Military Coup Raises Civil War Threat
BMI View: The Thai military's assumption of power following failed talks between rival factions in the ongoing political crisis raises the prospect of an unelected government being installed. Such a move would risk a violent pro-government backlash, and we maintain our view that the path of least resistance is for escalating violent unrest.
Just two days after the Thai military announced the imposition of martial law while stressing that the Pheu Thai Party (PTP) government would remain in power, failed talks between rival factions have resulted in the army's assumption of power, marking the country's 12th coup d'état in just over 80 years. This also marks the third time in 13 years that power has been taken away from the PTP by court rulings or coups.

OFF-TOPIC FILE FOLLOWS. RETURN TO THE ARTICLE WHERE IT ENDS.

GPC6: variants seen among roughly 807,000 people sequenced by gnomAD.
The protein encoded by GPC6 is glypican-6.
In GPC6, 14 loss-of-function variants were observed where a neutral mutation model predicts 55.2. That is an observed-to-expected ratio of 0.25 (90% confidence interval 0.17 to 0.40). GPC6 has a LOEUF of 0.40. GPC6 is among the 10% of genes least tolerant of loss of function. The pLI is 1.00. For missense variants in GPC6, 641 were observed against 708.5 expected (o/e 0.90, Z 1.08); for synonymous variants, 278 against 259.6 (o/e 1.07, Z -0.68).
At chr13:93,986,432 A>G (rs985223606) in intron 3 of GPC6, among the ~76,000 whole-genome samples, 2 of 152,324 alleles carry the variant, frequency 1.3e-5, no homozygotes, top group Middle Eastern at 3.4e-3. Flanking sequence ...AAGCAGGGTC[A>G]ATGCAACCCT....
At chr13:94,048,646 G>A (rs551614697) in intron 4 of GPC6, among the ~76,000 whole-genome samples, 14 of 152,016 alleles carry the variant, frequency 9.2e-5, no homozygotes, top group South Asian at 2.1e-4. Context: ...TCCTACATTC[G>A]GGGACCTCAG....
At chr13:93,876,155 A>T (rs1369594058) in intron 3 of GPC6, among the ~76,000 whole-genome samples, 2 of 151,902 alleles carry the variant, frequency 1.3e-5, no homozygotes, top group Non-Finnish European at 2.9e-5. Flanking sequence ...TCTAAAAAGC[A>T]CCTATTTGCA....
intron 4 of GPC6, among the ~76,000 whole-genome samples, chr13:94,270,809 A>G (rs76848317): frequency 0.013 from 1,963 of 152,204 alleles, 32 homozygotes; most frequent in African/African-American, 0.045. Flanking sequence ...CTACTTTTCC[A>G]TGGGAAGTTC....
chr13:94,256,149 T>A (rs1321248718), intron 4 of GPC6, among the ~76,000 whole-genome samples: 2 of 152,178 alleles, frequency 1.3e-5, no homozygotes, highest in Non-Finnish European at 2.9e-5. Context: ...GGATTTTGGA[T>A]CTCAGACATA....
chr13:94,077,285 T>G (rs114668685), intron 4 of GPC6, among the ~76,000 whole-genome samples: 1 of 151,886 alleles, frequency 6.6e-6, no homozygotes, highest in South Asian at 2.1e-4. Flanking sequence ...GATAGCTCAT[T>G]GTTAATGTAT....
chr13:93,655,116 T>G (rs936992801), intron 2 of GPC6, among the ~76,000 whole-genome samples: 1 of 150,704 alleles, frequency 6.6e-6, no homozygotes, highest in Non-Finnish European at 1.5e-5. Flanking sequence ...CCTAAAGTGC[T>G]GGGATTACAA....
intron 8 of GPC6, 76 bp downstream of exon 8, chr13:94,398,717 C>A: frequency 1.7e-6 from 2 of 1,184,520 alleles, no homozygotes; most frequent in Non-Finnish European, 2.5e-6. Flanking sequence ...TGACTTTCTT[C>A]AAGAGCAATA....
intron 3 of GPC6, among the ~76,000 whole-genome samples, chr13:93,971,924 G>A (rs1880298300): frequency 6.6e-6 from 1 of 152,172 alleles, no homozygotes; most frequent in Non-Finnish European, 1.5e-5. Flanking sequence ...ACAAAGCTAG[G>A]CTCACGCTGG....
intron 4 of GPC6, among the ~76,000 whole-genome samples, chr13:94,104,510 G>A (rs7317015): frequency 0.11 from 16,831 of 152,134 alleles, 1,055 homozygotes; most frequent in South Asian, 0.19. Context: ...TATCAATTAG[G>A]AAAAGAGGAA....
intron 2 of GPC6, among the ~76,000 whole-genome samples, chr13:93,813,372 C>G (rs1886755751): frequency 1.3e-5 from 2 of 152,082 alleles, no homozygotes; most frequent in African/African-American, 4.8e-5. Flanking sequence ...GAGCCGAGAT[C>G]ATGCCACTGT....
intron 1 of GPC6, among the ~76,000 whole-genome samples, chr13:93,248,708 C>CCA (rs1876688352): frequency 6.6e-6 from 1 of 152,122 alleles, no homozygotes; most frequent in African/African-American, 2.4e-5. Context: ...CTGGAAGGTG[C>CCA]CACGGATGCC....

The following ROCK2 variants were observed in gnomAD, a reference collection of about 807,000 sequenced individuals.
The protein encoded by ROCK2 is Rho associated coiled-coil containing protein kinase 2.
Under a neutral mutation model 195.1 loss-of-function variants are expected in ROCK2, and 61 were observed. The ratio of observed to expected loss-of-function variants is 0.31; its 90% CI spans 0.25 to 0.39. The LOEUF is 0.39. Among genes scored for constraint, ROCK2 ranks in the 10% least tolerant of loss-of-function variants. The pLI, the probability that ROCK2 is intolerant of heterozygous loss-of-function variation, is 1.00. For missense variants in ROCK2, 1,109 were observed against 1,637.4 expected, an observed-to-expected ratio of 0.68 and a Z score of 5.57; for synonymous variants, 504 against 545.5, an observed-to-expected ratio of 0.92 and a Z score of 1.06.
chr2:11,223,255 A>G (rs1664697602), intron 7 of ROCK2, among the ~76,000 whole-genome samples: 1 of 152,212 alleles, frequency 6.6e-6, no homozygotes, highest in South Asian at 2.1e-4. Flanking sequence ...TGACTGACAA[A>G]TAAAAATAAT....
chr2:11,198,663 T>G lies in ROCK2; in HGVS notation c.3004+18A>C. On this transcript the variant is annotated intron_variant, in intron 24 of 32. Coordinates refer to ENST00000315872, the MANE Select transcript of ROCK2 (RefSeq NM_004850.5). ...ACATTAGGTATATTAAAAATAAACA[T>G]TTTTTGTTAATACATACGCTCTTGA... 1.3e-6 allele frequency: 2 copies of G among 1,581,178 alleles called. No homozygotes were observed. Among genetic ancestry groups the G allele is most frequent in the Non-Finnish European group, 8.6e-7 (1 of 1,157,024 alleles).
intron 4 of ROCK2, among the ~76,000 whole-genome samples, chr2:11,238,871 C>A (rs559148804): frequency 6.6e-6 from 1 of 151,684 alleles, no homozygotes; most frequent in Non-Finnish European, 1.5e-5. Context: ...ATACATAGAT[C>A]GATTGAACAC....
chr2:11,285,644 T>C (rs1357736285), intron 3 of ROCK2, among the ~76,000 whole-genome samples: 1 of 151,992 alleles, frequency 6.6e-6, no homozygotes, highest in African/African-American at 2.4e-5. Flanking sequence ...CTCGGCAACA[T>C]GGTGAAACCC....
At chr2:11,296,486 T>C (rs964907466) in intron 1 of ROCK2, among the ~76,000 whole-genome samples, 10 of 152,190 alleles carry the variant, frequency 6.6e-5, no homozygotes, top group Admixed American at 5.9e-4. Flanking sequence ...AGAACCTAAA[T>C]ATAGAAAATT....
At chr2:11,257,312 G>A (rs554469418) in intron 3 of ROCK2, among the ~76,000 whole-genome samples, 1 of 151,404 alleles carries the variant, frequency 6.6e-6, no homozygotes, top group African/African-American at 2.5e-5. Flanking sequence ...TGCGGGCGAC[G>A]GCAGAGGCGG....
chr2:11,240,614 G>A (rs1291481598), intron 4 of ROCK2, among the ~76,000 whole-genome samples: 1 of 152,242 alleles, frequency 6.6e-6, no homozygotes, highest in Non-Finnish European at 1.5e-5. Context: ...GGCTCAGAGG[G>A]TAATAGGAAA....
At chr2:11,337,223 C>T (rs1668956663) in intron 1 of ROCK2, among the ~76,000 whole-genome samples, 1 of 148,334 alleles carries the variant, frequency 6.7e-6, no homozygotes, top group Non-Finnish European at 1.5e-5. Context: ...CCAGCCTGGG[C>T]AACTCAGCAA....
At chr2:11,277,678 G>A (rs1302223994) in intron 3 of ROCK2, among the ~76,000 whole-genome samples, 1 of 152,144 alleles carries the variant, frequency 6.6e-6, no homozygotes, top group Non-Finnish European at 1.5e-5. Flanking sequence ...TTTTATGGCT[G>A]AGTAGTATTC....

As we argued on May 21 (see 'Political Deadlock At A Crossroads As Military Enters Scene'), the Thai establishment has been closing in on the government over recent months, and the introduction of the military into the struggle raises the odds that an unelected government will ultimately be put in place. The probability of this has now increased further.
|Major Wealth Disparity Underpins Crisis|
|Thailand - GDP Per Capita By Province, USD|